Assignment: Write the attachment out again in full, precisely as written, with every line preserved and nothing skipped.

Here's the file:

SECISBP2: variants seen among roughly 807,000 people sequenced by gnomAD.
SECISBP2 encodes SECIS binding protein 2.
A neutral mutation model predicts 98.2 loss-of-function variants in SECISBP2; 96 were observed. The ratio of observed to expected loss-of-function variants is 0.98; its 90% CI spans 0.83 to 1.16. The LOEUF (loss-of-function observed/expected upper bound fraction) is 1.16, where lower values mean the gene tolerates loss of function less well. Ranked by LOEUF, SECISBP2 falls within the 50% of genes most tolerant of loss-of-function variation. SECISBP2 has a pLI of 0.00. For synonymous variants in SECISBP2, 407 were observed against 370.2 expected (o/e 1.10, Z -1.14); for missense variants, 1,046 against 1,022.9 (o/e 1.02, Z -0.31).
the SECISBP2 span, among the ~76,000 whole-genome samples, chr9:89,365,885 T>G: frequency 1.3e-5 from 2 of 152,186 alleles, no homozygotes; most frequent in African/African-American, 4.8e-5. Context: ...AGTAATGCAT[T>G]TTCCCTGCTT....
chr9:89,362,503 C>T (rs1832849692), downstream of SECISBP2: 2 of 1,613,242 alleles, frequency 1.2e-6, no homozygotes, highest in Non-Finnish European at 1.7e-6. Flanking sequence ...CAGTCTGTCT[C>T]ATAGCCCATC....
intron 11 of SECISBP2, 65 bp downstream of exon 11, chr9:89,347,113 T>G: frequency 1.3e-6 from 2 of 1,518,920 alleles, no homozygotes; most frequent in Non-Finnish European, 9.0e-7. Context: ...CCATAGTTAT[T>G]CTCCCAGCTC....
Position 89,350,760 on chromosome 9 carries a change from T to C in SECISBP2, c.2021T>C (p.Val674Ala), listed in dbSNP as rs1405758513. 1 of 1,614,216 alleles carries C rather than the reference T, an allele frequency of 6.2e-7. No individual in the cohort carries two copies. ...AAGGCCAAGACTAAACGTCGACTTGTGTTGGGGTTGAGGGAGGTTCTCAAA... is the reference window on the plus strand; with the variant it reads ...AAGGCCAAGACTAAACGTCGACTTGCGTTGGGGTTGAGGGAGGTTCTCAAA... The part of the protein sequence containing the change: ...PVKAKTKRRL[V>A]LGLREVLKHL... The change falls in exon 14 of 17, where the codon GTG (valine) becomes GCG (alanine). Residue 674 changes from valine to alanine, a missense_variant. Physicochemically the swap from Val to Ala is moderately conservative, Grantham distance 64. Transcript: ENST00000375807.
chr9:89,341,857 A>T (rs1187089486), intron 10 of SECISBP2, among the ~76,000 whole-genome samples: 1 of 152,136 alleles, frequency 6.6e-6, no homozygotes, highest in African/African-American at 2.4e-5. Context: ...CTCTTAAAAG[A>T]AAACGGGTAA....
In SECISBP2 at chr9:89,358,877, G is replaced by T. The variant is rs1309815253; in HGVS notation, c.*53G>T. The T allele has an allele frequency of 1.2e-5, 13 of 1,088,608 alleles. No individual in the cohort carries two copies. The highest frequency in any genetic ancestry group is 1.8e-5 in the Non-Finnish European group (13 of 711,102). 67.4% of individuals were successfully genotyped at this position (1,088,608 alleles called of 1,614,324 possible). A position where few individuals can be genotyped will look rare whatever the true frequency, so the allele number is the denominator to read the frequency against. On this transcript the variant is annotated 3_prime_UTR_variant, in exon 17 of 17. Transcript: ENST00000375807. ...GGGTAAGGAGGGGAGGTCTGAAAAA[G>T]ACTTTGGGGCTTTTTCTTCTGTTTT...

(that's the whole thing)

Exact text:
SECISBP2: variants seen among roughly 807,000 people sequenced by gnomAD.
SECISBP2 encodes SECIS binding protein 2.
A neutral mutation model predicts 98.2 loss-of-function variants in SECISBP2; 96 were observed. The ratio of observed to expected loss-of-function variants is 0.98; its 90% CI spans 0.83 to 1.16. The LOEUF (loss-of-function observed/expected upper bound fraction) is 1.16, where lower values mean the gene tolerates loss of function less well. Ranked by LOEUF, SECISBP2 falls within the 50% of genes most tolerant of loss-of-function variation. SECISBP2 has a pLI of 0.00. For synonymous variants in SECISBP2, 407 were observed against 370.2 expected (o/e 1.10, Z -1.14); for missense variants, 1,046 against 1,022.9 (o/e 1.02, Z -0.31).
the SECISBP2 span, among the ~76,000 whole-genome samples, chr9:89,365,885 T>G: frequency 1.3e-5 from 2 of 152,186 alleles, no homozygotes; most frequent in African/African-American, 4.8e-5. Context: ...AGTAATGCAT[T>G]TTCCCTGCTT....
chr9:89,362,503 C>T (rs1832849692), downstream of SECISBP2: 2 of 1,613,242 alleles, frequency 1.2e-6, no homozygotes, highest in Non-Finnish European at 1.7e-6. Flanking sequence ...CAGTCTGTCT[C>T]ATAGCCCATC....
intron 11 of SECISBP2, 65 bp downstream of exon 11, chr9:89,347,113 T>G: frequency 1.3e-6 from 2 of 1,518,920 alleles, no homozygotes; most frequent in Non-Finnish European, 9.0e-7. Context: ...CCATAGTTAT[T>G]CTCCCAGCTC....
Position 89,350,760 on chromosome 9 carries a change from T to C in SECISBP2, c.2021T>C (p.Val674Ala), listed in dbSNP as rs1405758513. 1 of 1,614,216 alleles carries C rather than the reference T, an allele frequency of 6.2e-7. No individual in the cohort carries two copies. ...AAGGCCAAGACTAAACGTCGACTTGTGTTGGGGTTGAGGGAGGTTCTCAAA... is the reference window on the plus strand; with the variant it reads ...AAGGCCAAGACTAAACGTCGACTTGCGTTGGGGTTGAGGGAGGTTCTCAAA... The part of the protein sequence containing the change: ...PVKAKTKRRL[V>A]LGLREVLKHL... The change falls in exon 14 of 17, where the codon GTG (valine) becomes GCG (alanine). Residue 674 changes from valine to alanine, a missense_variant. Physicochemically the swap from Val to Ala is moderately conservative, Grantham distance 64. Transcript: ENST00000375807.
chr9:89,341,857 A>T (rs1187089486), intron 10 of SECISBP2, among the ~76,000 whole-genome samples: 1 of 152,136 alleles, frequency 6.6e-6, no homozygotes, highest in African/African-American at 2.4e-5. Context: ...CTCTTAAAAG[A>T]AAACGGGTAA....
In SECISBP2 at chr9:89,358,877, G is replaced by T. The variant is rs1309815253; in HGVS notation, c.*53G>T. The T allele has an allele frequency of 1.2e-5, 13 of 1,088,608 alleles. No individual in the cohort carries two copies. The highest frequency in any genetic ancestry group is 1.8e-5 in the Non-Finnish European group (13 of 711,102). 67.4% of individuals were successfully genotyped at this position (1,088,608 alleles called of 1,614,324 possible). A position where few individuals can be genotyped will look rare whatever the true frequency, so the allele number is the denominator to read the frequency against. On this transcript the variant is annotated 3_prime_UTR_variant, in exon 17 of 17. Transcript: ENST00000375807. ...GGGTAAGGAGGGGAGGTCTGAAAAA[G>T]ACTTTGGGGCTTTTTCTTCTGTTTT...